Aging and sentimentality in judges

Before I head to Europe, let me expand, using thoughts Bill Otis presented to me, on why I think older judges are more likely than younger ones to decide cases based on sentiment.

Resisting sentimentality requires discipline and energy. Discipline can subside with the onset of old age. As Bill puts it:

By the time they get to their sixties, most talented lawyers have essentially made it in life, and the discipline required to climb the ladder subsides; the ladder has already been climbed. Loss of discipline is the catalyst for flabby self-indulgence, sometimes spelled “A-N-T-H-O-N-Y K-E-N-N-E-D-Y).

In other words, you go soft, or at least become more likely to give in to a softness that was already there. This does not universally happen to men, but you see often it.

Energy also diminishes, and it takes energy to resist prevailing cultural trends. Bill writes:

For virtually all my lifetime, liberalism has ruled the culture (including and importantly academia), and being a conservative just takes a lot of energy. For example, it is not only anti-male and anti-white bias that accounts for the fact that so many leftist airheads get jobs as professors; it’s that when you’re on board with the received liberal wisdom, you swim with the tide rather than against it.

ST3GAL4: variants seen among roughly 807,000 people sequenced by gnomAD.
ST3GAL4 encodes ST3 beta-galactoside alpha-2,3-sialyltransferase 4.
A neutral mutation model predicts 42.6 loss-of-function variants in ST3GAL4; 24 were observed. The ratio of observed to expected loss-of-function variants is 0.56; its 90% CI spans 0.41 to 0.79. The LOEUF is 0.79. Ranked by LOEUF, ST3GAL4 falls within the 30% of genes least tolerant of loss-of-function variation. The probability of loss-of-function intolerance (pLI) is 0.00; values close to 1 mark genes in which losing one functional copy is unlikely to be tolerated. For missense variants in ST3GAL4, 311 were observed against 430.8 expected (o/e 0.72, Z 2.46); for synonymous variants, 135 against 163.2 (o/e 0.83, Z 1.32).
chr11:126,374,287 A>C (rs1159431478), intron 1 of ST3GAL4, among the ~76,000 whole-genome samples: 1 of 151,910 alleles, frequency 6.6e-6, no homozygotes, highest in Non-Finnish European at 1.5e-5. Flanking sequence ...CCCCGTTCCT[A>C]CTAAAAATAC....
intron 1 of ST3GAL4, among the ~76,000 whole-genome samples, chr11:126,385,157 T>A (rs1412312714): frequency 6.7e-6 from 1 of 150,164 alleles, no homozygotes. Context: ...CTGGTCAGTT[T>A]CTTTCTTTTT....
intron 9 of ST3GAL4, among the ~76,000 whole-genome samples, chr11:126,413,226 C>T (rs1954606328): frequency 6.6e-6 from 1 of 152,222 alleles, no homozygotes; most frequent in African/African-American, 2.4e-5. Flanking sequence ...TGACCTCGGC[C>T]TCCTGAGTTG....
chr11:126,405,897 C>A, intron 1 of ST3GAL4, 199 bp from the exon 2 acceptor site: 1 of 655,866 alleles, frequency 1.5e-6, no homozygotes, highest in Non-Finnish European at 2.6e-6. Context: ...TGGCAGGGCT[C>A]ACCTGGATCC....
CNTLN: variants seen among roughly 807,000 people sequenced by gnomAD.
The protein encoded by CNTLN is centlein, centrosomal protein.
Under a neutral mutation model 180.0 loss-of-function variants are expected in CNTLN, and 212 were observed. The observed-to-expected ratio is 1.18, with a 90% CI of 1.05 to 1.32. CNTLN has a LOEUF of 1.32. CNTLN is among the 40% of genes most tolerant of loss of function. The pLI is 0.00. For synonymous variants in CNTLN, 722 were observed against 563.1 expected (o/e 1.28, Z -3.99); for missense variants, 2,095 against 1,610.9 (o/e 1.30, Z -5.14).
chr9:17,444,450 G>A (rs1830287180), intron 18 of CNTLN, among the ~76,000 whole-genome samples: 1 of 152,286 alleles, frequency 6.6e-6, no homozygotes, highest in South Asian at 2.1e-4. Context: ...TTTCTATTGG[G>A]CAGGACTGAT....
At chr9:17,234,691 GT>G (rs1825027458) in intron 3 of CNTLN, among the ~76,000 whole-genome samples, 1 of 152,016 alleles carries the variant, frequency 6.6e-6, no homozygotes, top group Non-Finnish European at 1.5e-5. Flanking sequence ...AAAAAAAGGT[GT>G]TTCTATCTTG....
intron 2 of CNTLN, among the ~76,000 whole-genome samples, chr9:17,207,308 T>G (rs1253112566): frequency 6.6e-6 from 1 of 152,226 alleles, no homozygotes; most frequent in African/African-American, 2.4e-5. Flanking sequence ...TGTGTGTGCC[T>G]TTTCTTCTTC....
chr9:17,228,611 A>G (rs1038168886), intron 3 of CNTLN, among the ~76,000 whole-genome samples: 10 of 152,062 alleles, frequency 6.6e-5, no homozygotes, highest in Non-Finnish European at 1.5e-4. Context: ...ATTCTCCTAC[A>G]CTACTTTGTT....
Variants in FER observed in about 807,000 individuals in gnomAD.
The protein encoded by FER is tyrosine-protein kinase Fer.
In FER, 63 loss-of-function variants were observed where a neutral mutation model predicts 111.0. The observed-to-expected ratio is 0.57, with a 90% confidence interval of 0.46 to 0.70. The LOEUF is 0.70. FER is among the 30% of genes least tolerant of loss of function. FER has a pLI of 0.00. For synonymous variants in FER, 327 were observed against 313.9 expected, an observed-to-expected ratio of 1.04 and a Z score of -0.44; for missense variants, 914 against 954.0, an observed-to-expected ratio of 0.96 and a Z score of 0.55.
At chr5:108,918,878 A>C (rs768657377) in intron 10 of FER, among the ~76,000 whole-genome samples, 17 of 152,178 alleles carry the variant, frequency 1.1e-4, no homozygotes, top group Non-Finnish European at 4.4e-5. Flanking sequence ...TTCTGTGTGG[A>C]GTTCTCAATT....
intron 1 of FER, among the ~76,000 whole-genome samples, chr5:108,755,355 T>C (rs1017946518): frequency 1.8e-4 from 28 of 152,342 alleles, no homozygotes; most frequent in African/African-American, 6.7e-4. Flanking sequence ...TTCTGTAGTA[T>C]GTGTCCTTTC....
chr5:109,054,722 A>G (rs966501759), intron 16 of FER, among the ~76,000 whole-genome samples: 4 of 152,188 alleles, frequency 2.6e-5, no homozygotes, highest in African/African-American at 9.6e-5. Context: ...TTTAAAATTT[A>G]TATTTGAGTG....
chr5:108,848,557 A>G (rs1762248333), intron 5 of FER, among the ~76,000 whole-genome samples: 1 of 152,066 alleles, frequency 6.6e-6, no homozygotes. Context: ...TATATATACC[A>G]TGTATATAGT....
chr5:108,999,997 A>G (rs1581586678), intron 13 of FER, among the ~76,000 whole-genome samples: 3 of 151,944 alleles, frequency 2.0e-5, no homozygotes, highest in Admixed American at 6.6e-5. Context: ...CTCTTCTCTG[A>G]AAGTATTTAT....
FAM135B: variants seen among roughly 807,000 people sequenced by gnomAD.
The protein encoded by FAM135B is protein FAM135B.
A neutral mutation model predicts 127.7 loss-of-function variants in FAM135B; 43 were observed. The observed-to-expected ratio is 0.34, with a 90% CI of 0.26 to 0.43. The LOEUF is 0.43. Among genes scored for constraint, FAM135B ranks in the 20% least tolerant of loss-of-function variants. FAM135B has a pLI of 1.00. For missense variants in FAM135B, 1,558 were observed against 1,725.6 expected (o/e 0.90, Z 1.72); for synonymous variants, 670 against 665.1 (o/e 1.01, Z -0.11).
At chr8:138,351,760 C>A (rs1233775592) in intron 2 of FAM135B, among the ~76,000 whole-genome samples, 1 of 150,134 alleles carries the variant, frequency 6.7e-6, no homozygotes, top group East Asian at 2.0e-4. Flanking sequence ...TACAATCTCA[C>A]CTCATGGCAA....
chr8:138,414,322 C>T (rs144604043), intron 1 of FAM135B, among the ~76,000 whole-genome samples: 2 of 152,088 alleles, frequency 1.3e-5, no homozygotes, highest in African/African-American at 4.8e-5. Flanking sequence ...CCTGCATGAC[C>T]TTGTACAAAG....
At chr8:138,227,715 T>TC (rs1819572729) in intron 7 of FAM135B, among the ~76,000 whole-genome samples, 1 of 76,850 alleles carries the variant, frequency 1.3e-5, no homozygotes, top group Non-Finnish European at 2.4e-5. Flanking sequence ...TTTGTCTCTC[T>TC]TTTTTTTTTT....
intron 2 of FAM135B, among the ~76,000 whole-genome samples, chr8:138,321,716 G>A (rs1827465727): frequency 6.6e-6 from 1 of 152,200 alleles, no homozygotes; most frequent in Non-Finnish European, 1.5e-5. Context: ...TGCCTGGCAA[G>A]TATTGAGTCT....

Swimming against it produces harder thinking (which is one important reason conservatives like debates and more often than not win them), but it also requires a lot of energy. Sooner of later, for most people, it starts to run out.

I don’t see lack of discipline or energy (or sentimentality in general) in John Roberts’ jurisprudence. I think caution was the driver in the Obamacare cases. Anthony Kennedy, as Bill says, is another matter.

Particular Justices aside, it will be difficult for conservatives to ensure that Republican appointees remain solidly conservative as they reach old age.